The Xbox One:

    If you are looking for an all-in-one media center, the Xbox One could very well be the best up for the task.

    For a start, like the PlayStation 4, it allows apps from different regions to be easily mixed onto the single hub, and in the Xbox One’s case, without the need of multiple accounts (Naturally, a Smart DNS service is required to access otherwise regionally-blocked content). On top of that, you can even pin your favourite shows directly to the home screen as well, allowing direct access, regardless of the app or service required to watch it.

    And the Xbox One launched with considerably more entertainment apps than the PlayStation 4, although whether that lead lasts, nobody knows. Entertainment apps include Netflix, Hulu Plus, Crackle, Amazon Instant Prime Video, Amazon Prime, Demand 5, All 4, tenplay, SBS on Demand, Zattoo and plenty more. However, notably missing from the list are any public broadcaster’s catch-up services, especially that of the BBC’s iPlayer which screams its absence at full volume.

    The Xbox One can also be controlled by motion gestures and voice, the former of which is currently little more than a joke, but the latter has rather useful applications.

    One the downside (there always are some), the Xbox One does cost a good US$100 more than the PS4, which basically pays for the compulsory Kinect motion detector and camera, as well as (and wait for this) a yearly subscription fee is required to access otherwise free on-demand content. Yes, you have to pay to watch television that every other IPTV platform offers entirely free and much of which was traditionally available through a bent coat-hanger.

    In any event, check out the full review here!

    Xbox One UI Pins

    Samsung TV Smart Hub:

    Both the ES and F series Samsung TVs can not only change the regional app store at will, but they also have the ability to merge apps from different regions onto the single hub. In theory, this makes an amazing media center as the BBC iPlayer from the UK can sit alongside ABC iView from Australia, TVNZ On Demand from New Zealand can work alongside Hulu Plus or Netflix from the US – all of course as long as you also have a Smart DNS supplier like OverPlay who supports the Samsung platform.

    Currently the Samsung Smart Hub offers a lot more catch-up and on-demand apps than the Xbox One, especially on the F-series, including vital services like the BBC iPlayer, ITV Player, ABC iView, PBS Video etc.

    But it’s unfortunately not all a bed of roses. Granted, the apps can be merged and when they are they work really well together, but unlike the Xbox One it is using a backdoor hack that is not for the faint-hearted. First users need to change country stores whose methods differ for the ES-series or the F-series (which is the easy bit). Then, the complex procedure comes into play, which again differs between the older ES-series and the current F-series.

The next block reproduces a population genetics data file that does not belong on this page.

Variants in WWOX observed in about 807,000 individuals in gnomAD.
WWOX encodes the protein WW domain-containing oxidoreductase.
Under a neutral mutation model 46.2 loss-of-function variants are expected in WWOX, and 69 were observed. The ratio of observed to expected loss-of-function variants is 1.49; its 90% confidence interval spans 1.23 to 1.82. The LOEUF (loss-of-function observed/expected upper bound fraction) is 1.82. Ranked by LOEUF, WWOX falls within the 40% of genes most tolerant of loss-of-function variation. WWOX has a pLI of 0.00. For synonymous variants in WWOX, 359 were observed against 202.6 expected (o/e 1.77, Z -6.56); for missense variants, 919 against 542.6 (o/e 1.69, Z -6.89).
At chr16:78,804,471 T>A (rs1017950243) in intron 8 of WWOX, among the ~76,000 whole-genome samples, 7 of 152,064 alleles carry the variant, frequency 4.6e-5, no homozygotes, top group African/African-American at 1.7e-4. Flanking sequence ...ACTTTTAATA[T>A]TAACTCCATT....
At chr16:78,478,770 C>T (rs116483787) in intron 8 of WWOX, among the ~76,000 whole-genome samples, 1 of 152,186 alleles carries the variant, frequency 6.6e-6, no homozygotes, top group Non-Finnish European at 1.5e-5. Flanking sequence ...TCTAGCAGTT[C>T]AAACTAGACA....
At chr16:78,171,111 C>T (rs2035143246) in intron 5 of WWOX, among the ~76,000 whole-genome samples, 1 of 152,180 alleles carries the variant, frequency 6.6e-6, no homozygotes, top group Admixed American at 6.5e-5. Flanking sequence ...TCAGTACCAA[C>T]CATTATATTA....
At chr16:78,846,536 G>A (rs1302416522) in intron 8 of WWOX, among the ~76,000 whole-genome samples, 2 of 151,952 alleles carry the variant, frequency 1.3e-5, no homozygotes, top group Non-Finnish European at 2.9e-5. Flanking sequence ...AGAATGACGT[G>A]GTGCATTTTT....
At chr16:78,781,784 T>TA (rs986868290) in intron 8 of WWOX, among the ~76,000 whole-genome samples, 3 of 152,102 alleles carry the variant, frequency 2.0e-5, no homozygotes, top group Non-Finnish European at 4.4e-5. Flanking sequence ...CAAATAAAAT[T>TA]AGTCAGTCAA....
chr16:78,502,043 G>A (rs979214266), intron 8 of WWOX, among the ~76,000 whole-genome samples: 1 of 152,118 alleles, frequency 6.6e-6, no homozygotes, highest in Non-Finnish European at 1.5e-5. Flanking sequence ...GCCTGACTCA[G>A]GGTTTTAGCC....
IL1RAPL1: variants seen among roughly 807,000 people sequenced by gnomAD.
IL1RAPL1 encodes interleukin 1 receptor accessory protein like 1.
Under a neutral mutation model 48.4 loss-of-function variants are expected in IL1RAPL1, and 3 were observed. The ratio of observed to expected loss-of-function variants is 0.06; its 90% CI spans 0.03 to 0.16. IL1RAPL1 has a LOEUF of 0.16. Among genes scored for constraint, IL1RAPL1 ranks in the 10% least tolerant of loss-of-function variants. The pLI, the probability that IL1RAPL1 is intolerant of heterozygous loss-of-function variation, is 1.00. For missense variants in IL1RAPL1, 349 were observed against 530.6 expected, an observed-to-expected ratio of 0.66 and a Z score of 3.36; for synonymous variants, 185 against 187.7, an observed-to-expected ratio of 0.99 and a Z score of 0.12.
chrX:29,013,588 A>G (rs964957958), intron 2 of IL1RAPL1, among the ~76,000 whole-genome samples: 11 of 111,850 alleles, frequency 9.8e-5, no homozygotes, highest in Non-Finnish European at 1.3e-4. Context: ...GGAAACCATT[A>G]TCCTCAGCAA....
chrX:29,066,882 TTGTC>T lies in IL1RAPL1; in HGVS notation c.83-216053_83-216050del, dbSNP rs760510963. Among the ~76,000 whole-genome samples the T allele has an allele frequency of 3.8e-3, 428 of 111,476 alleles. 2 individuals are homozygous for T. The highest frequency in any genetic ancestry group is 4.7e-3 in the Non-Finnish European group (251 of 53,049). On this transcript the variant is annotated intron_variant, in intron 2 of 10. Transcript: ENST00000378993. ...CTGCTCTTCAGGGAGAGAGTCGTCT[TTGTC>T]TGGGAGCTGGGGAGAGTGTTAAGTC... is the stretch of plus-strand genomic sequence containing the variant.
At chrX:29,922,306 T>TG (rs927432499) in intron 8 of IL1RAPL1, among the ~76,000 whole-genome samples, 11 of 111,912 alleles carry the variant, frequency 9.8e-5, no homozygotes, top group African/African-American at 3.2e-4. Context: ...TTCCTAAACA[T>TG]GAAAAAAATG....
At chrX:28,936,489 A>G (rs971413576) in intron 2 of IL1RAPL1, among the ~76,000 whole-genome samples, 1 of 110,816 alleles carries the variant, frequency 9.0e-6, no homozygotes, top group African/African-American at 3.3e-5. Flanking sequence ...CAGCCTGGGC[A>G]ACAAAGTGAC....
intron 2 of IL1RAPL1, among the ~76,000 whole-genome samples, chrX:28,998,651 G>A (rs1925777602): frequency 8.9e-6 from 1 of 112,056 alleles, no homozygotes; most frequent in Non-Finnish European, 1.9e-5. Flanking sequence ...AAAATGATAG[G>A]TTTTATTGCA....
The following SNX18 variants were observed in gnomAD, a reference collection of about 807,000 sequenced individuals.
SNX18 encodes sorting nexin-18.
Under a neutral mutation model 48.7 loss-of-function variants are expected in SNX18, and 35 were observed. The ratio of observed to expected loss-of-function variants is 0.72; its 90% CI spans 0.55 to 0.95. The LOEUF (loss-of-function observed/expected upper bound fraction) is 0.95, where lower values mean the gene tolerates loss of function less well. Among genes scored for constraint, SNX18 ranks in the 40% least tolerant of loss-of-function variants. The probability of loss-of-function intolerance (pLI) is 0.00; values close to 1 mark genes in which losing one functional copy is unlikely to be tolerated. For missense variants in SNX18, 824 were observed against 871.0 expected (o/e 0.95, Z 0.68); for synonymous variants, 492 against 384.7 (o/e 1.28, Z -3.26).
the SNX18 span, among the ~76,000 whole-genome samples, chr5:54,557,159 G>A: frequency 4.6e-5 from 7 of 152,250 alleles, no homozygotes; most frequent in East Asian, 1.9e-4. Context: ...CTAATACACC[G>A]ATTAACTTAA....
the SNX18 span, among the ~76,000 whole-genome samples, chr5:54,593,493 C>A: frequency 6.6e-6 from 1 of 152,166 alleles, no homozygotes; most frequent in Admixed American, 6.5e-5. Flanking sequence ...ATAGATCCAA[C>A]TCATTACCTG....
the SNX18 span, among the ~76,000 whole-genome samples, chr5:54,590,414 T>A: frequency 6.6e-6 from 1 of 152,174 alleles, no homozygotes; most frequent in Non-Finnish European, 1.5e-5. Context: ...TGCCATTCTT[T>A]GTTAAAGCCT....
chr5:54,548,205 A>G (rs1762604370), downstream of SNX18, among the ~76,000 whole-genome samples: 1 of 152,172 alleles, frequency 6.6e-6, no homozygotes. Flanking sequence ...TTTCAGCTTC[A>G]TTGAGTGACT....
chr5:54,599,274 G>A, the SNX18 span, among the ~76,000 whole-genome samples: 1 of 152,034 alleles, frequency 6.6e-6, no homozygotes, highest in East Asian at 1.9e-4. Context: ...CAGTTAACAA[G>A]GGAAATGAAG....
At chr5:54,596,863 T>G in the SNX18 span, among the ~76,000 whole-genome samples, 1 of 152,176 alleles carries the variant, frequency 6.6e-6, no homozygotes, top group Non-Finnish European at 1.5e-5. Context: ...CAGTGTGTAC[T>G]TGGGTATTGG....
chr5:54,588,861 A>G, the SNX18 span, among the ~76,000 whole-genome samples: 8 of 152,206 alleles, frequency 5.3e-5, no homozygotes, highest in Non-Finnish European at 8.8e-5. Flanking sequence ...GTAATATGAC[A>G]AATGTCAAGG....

Once it is all working together, users will still need to check for updates every now and again by repeating the process, as only the current regional store is automatically updated – a problem not experienced with the Xbox One.

    And sadly, the hack to merge apps from multiple regions is only applicable to the Samsung Smart TVs and not their Blu-Ray players which can only have their app store changed, but not merged.

    Samsung TV

    iOS (iPad, iPhone):

    A much easier platform to achieve this would be on iOS. Like the Xbox One, iOS is happy to allow users to change regional stores, where they can pick up apps normally only available in that region and install them. iOS is more than happy to mix apps like this and as long as a Smart DNS service is also configured such as OverPlay, that supports the iOS apps you want to use, all of the apps will happily play regardless of your location.

    One big advantage to iOS is that it offers one of the largest ranges of on-demand and catch-up apps anywhere, with almost all of the big players represented. If it is available to stream, it is generally on iOS and usually with an amazing UI. BBC iPlayer, ITV Player, ABC iView, TVNZ ondemand and pretty much everything else can be found here, with some like the BBC iPlayer and others also offering live streams and offline downloads as well.

    Add AirPlay into the occasion, and you can also watch all of this in great video quality on your main television. It’s almost too good to be true.

    The main issue would be that not all services support AirPlay. Some like All 4 and TVNZ out-rightly block it. Others like Demand 5 or most US OTA services only allow mirroring, which is almost as useful as blocking. Without the ability to send to your main TV, iOS does not appear so attractive after-all. It is such a pity, as it is clear when services employ full AirPlay such as the BBC’s iPlayer, it can be one of the best user interfaces around.

    Secondly, some services provide a reduced quality service for iOS. Even the BBC iPlayer sticks to SD quality streams only, but some go below that for the iPhone or iPod touch. This may seem logical to them as the screen is far too small for full HD streams to have any benefit, but if they do offer AirPlay, this can look pretty unattractive on the big screen.